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MP17 Endangered Species and Environmental Contaminants: Status of Science
(RAU-1117-829786) Contaminants and egg quality of snowy egrets (Egretta thula) from Florida estuarine and freshwater habitats.
Rauschenberger, Heath1, Hemming, Jon2, Boughner, Emily3, Peterson, Jim4, Benjamin, Karen1, 1 US FWS, Jacksonville, FL, USA2 US FWS, Panama City, FL, USA3 US FWS, Vero Beach, FL, USA4 St. Johns River Water Management District, Apopka, FL, USA
ABSTRACT- In Florida, urban development and wetland restoration activities have increased dramatically in recent years. Both activities may attract birds to contaminated areas and expose migratory wading birds, such as the endangered wood stork ( Mycteria americana), to pollutants through contamination of aquatic habitats. Therefore, assessing contaminant exposure and effects are important in developing conservation plans for these species. Our study examined the relationship between egg quality, nest productivity, and organochlorine pesticide (OCP) and heavy metal burdens in eggs of snowy egrets (Egretta thula , a representative wading bird). During 2004 and 2005, snowy egret nests were monitored at St. Marks National Wildlife Refuge (SM), an estuarine habitat, and along Lake Apopka′s north shore (AP), which is proximal to a 1,214 ha wetland restoration area (reclaimed agricultural property). Over the two-year period, AP nests (n = 51) had larger clutch sizes (p>0.0001), and thinner eggshells (p>0.0001) compared to SM nests (n = 31). Hatch rates, egg mass, and dry eggshell mass did not differ between the sites, although higher variability was observed for AP hatch rates. Analytical data for 2004, indicated AP eggs contained higher organochlorine pesticide burdens (p>0.0001 to 0.0016), higher Ba (p>0.0002) and Mn (p>0.0036) concentrations, but lower Hg, Se, Cu, Zn and Sr (p>0.0001 to 0.0238) burdens. No differences were detected between sites with respect to total PCBs or other heavy metals. Our results suggest that OCP exposure may be associated with eggshell thinning in AP eggs, but a connection to reduced hatch success or clutch size has not been demonstrated. Future studies should examine variability in hatch success between sites, within clutch variability of studied parameters, and the relationship among bird foraging habits, contaminant burdens and egg quality. Additionally, heavy metal exposure routes and effects warrant further investigation at SM. Support provided by a US FWS Environmental Contaminants Program grant and in-kind service by St. Johns River Water Management District.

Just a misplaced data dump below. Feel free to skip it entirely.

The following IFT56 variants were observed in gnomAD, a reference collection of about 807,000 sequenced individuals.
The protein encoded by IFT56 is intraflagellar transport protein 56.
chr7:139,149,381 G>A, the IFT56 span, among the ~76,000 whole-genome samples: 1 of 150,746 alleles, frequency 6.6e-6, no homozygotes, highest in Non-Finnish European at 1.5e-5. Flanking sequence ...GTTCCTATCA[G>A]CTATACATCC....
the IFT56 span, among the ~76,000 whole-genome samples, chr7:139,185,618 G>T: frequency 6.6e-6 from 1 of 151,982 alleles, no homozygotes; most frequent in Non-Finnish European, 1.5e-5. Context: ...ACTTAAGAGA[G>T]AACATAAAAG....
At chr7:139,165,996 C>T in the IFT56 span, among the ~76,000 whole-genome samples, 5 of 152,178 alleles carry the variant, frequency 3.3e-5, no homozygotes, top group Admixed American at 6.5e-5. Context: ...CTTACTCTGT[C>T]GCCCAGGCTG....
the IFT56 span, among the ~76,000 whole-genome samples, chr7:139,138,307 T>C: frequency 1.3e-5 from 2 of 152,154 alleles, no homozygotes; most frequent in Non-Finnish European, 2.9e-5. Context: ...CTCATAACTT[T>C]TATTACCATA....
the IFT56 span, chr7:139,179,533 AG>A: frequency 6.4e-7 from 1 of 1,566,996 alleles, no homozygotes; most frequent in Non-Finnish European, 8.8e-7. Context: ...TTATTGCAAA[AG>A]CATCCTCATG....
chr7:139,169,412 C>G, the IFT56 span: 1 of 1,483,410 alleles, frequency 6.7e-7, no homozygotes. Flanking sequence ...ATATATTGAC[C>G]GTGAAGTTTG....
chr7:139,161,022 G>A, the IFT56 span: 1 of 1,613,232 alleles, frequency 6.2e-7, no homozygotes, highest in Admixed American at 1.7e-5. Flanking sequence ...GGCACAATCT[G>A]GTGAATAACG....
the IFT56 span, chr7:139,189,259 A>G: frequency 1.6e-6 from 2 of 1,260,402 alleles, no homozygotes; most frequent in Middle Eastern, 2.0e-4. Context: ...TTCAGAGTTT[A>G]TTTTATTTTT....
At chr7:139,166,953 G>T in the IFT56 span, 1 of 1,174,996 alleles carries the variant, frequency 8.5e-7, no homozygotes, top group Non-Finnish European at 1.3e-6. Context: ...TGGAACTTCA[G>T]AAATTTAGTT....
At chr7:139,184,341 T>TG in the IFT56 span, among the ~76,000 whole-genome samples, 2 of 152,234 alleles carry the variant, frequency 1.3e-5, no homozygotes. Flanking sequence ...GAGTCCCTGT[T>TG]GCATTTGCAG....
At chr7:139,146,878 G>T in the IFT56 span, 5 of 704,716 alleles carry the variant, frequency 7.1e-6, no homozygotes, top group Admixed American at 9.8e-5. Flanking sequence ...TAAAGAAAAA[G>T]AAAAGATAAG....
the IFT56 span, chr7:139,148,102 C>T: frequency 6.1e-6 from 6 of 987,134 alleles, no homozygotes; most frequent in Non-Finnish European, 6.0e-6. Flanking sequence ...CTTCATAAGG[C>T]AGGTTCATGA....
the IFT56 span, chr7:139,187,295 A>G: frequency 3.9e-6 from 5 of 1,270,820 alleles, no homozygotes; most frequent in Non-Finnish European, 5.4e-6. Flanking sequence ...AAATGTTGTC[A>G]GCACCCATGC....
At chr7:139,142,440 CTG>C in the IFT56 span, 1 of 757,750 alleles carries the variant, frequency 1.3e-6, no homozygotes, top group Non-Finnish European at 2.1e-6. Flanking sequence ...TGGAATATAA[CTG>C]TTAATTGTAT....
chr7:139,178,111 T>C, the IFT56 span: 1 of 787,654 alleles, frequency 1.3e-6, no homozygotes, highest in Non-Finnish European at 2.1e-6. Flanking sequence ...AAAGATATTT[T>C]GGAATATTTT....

Key words: organochlorines, metals, avian reproduction, endocrine disruption
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